The brilliance of Canada balsam, combined with the rapid drying rate of a soft resin and the hardness of the copal concentrate, produces an excellent painting medium.


2 parts Canada balsam
2 parts mastic varnish (44% resin w/v solution)
1 part copal varnish (44% resin w/v solution)
1 part vacuum-bodied linseed oil

  1. Stir all the ingredients in a double boiler over heat until the balsam combines with the other ingredients.

  2. This produces a reasonably heavy medium that can be diluted with turpentine or spike oil.

How to Use:

This medium can be thinned with turpentine and has been used as a final picture varnish—although we do not recommend it as it will yellow. A. P. Laurie suggested that this painting medium closely resembles the characteristics of the medium used by Jan Van Eyck (this has not been substantiated by analysis). This formula dries in about one to two hours.

Canada Balsam-Sun-Thickened Oil Medium

Canada Balsam heightens the gloss of linseed oil and allows a soft fusion of color glazes. Produces brilliant colors in the glazes. Fragrant, viscous, water-clear, and expensive, Canada balsam is worth every penny, for it is unequaled in clarity and drying time.


1 part Canada balsam
1 part sun-thickened linseed oil

  1. Mixed over a double boiler, the heavy-bodied oil and balsam produce a transparent, straw-colored painting and glazing medium which can be safely diluted with turpentine. However, we prefer to use spike oil.

  2. Bodied oil may be substituted for sun-thickened linseed oil.

How to Use:

Mix the glaze with tube oil paints or with dry pigments. Apply it in thin coats. Rub it onto the painting with your fingers or with a rag (this is the best way to model smooth transitions in tone). A.P. Laurie spoke highly of Canada balsam, saying it closely resembled the legendary olio d’Arezzo or Strasbourg turpentine. Canada balsam with oil may be used for glazing or painting the last thin coats over oil. A thin coat of this medium dries within 30 minutes. Venice turpentine, although much darker, performs somewhat like Canada balsam. It dries much slower.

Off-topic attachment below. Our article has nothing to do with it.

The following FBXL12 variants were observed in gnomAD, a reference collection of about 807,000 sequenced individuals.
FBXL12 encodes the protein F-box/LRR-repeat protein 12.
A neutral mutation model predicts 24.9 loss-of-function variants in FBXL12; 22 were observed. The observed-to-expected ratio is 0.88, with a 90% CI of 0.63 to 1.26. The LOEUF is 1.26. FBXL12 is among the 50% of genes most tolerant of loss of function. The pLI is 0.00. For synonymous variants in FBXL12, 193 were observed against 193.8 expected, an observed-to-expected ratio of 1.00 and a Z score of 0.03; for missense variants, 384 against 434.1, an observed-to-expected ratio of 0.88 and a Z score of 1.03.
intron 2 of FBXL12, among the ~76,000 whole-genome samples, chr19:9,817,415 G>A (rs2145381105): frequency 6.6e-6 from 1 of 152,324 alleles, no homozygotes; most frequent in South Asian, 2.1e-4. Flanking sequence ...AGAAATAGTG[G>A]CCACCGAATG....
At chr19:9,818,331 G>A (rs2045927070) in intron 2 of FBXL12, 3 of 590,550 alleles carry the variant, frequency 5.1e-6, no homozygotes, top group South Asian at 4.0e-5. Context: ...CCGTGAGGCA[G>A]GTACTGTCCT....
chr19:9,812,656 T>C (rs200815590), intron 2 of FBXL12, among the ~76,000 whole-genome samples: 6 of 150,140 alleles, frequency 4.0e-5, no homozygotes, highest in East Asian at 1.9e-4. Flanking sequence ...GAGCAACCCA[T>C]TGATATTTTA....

Velatura Medium

Velatura derives from the Italian term velatura (singular of velature) can mean sail, veil, or fog in English. In art, it means glaze. Merrifield, in her book, Medieval and Renaissance Treatises on the Arts of Painting, defines velatura as follows:

“When large surfaces were to be glazed, the colour was frequently rubbed on with all the fingers or the flat of the hand, so as to fill the interstices left by the brush, and to cover the surface thinly and evenly….”


4 parts Italian Varnish
2 parts beeswax
1 part gum turpentine
2 parts vacuum-bodied linseed oil
1 part Canada balsam

This medium gives your paint a translucent quality. The light can still transmit through it and bounce back from the underpainting and primer ground.

Venetian Glazing Medium


9 parts dammar varnish (5 lb. cut)
9 parts gum turpentine
4 parts vacuum-bodied linseed oil
2 parts Canada balsam


Carlyle, Leslie. 2001a. MOLART Fellowship, ‘Historical reconstructions of artist’s oil paint: An investigation of oil processing methods and the use of medium-modifiers,’ Report no. 72894 (revised). Ottawa: Canadian Conservation Institute.

Carlyle, L. 2001b. The Artist’s Assistant: Oil Painting Manuals and Handbooks in Britain 1800–1900 with References to Selected Eighteenth-Century Sources, London: Archetype Publications.

Carlyle, Leslie, Binnie, N., Ruggles, A. and Kaminska, E. 2002. ‘The yellowing/bleaching of oil paintings and oil paint samples, including the effect of oil processing, driers and mediums on the colour of lead white paint,’ in R. Vontobel ed., ICOM-CC 13th Triennial Meeting Preprints, 328–37. London: James & James.

Gettens, Rutherford John; Stout, George Leslie. 1942. Painting Materials: A Short Encyclopaedia, D. Van Nostrand Company, inc., pg. 7.

Merrifield, Mary P. 2012. Medieval and Renaissance Treatises on the Arts of Painting: Original Texts with English Translations, Dover Publications, Inc., 2012, ISBN 0486142248, 9780486142241.

Where to Buy

Shop now for the following items described in this article:

Canada Balsam

Sun-Bleached Linseed Oil

Vacuum-Bodied Linseed Oil (High Viscosity)

Epoxide Oil

White Beeswax

Spike Oil



Italian Varnish